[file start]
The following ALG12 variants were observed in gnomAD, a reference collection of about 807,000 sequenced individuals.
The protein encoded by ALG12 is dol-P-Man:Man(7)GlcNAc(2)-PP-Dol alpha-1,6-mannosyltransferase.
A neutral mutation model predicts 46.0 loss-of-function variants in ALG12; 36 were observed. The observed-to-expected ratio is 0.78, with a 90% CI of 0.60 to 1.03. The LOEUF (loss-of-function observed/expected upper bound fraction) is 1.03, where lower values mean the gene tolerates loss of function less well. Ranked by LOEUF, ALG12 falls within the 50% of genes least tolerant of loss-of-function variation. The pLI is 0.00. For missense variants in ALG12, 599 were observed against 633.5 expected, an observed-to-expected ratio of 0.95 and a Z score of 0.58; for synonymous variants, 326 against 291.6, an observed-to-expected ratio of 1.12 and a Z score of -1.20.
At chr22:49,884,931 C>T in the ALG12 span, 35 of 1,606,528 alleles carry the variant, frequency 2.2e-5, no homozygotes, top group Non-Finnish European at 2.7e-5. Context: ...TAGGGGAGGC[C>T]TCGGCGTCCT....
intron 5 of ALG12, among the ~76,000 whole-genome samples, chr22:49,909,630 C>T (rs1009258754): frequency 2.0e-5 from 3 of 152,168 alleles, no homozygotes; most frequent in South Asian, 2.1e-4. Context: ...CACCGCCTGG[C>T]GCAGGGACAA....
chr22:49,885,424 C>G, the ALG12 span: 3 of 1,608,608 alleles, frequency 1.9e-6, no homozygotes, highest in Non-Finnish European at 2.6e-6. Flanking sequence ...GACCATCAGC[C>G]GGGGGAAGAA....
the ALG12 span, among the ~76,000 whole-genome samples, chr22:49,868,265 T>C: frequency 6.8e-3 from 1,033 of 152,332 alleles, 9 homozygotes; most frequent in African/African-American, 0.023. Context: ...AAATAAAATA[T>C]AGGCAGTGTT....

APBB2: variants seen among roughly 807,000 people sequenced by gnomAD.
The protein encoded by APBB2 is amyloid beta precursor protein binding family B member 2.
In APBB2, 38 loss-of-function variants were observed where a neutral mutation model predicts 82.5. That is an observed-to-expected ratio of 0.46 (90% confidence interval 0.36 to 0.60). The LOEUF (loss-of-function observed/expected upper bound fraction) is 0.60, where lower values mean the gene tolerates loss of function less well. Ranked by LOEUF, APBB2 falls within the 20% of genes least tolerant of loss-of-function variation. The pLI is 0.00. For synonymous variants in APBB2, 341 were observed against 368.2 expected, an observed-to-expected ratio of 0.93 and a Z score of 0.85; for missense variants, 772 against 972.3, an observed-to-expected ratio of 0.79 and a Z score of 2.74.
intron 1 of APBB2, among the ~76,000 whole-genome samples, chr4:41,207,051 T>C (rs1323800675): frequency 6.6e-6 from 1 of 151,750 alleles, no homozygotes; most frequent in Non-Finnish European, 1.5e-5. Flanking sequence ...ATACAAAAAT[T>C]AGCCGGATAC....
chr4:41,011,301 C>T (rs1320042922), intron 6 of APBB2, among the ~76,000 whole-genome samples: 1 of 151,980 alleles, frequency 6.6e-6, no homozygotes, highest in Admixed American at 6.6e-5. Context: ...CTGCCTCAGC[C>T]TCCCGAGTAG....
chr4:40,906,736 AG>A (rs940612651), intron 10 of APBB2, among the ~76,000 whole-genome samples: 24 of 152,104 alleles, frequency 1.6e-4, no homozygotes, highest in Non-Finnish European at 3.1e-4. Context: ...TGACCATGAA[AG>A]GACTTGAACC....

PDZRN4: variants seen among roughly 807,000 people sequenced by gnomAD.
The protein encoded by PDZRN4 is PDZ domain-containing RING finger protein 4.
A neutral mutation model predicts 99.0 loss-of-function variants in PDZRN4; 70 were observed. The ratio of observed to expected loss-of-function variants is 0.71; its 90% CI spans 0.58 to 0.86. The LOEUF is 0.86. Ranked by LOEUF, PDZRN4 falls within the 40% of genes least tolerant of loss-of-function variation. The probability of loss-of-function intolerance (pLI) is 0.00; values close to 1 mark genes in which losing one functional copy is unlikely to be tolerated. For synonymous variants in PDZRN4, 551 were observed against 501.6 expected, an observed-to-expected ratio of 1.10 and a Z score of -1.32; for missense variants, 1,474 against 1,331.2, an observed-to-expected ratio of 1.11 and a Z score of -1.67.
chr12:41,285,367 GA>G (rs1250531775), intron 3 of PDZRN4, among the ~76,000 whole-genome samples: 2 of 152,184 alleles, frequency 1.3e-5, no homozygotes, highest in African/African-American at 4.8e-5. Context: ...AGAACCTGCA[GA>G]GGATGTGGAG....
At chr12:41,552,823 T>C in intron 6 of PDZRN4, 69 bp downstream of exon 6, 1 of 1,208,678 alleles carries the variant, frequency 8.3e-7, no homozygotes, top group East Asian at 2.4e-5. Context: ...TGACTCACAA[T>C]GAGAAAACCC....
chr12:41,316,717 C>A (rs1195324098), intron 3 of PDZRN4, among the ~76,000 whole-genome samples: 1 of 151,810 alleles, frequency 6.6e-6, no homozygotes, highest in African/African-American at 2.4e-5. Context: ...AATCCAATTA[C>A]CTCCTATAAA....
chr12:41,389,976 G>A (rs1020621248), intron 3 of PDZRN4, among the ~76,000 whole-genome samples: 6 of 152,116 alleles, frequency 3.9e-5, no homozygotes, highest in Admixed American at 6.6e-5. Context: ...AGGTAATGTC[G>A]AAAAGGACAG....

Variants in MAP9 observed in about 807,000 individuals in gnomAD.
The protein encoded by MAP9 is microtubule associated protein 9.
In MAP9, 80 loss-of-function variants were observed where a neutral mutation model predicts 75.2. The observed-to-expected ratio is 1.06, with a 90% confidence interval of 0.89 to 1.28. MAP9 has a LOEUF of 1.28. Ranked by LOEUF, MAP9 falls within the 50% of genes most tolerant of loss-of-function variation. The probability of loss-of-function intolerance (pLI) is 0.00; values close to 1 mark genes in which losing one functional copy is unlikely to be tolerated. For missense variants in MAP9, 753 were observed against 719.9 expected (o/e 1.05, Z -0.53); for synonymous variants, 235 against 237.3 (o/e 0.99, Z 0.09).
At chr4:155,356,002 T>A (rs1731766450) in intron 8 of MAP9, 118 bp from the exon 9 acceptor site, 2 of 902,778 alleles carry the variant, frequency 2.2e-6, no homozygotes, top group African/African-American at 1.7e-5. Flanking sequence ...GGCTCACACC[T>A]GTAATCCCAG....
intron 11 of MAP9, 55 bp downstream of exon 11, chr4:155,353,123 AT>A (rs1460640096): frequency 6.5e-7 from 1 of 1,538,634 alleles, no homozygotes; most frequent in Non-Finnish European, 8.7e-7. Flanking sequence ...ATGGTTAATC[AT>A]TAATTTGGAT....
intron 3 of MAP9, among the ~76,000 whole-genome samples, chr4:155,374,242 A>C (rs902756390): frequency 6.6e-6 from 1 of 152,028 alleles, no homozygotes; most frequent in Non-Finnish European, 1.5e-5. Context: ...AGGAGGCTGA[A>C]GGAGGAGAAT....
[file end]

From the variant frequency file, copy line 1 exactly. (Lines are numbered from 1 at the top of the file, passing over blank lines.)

The following ALG12 variants were observed in gnomAD, a reference collection of about 807,000 sequenced individuals.